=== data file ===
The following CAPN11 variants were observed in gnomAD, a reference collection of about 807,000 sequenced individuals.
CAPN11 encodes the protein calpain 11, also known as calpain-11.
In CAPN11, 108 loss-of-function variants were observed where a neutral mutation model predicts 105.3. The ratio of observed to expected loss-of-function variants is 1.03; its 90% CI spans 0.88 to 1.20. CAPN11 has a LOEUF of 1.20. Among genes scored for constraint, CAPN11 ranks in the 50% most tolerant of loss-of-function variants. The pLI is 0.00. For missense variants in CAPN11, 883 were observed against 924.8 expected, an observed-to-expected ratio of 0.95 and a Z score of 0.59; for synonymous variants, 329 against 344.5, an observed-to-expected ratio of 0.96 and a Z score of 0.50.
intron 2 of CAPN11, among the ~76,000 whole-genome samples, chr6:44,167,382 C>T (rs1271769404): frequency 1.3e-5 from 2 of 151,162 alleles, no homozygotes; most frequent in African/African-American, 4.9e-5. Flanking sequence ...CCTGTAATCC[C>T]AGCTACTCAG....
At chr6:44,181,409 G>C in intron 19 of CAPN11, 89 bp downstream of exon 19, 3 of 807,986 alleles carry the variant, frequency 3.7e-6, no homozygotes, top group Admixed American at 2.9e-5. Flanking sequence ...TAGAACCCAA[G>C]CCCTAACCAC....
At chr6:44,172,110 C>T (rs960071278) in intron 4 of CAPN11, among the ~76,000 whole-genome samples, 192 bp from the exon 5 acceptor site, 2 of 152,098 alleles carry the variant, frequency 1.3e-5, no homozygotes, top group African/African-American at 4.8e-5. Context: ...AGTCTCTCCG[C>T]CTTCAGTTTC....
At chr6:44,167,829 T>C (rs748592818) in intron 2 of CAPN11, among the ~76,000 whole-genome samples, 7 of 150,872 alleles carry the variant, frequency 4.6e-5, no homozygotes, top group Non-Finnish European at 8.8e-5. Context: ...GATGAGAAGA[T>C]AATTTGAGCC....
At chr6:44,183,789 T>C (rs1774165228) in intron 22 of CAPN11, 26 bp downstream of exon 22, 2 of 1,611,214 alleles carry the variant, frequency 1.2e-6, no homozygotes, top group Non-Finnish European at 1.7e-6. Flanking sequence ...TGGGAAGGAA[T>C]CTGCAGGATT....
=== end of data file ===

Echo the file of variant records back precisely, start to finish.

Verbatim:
The following CAPN11 variants were observed in gnomAD, a reference collection of about 807,000 sequenced individuals.
CAPN11 encodes the protein calpain 11, also known as calpain-11.
In CAPN11, 108 loss-of-function variants were observed where a neutral mutation model predicts 105.3. The ratio of observed to expected loss-of-function variants is 1.03; its 90% CI spans 0.88 to 1.20. CAPN11 has a LOEUF of 1.20. Among genes scored for constraint, CAPN11 ranks in the 50% most tolerant of loss-of-function variants. The pLI is 0.00. For missense variants in CAPN11, 883 were observed against 924.8 expected, an observed-to-expected ratio of 0.95 and a Z score of 0.59; for synonymous variants, 329 against 344.5, an observed-to-expected ratio of 0.96 and a Z score of 0.50.
intron 2 of CAPN11, among the ~76,000 whole-genome samples, chr6:44,167,382 C>T (rs1271769404): frequency 1.3e-5 from 2 of 151,162 alleles, no homozygotes; most frequent in African/African-American, 4.9e-5. Flanking sequence ...CCTGTAATCC[C>T]AGCTACTCAG....
At chr6:44,181,409 G>C in intron 19 of CAPN11, 89 bp downstream of exon 19, 3 of 807,986 alleles carry the variant, frequency 3.7e-6, no homozygotes, top group Admixed American at 2.9e-5. Flanking sequence ...TAGAACCCAA[G>C]CCCTAACCAC....
At chr6:44,172,110 C>T (rs960071278) in intron 4 of CAPN11, among the ~76,000 whole-genome samples, 192 bp from the exon 5 acceptor site, 2 of 152,098 alleles carry the variant, frequency 1.3e-5, no homozygotes, top group African/African-American at 4.8e-5. Context: ...AGTCTCTCCG[C>T]CTTCAGTTTC....
At chr6:44,167,829 T>C (rs748592818) in intron 2 of CAPN11, among the ~76,000 whole-genome samples, 7 of 150,872 alleles carry the variant, frequency 4.6e-5, no homozygotes, top group Non-Finnish European at 8.8e-5. Context: ...GATGAGAAGA[T>C]AATTTGAGCC....
At chr6:44,183,789 T>C (rs1774165228) in intron 22 of CAPN11, 26 bp downstream of exon 22, 2 of 1,611,214 alleles carry the variant, frequency 1.2e-6, no homozygotes, top group Non-Finnish European at 1.7e-6. Flanking sequence ...TGGGAAGGAA[T>C]CTGCAGGATT....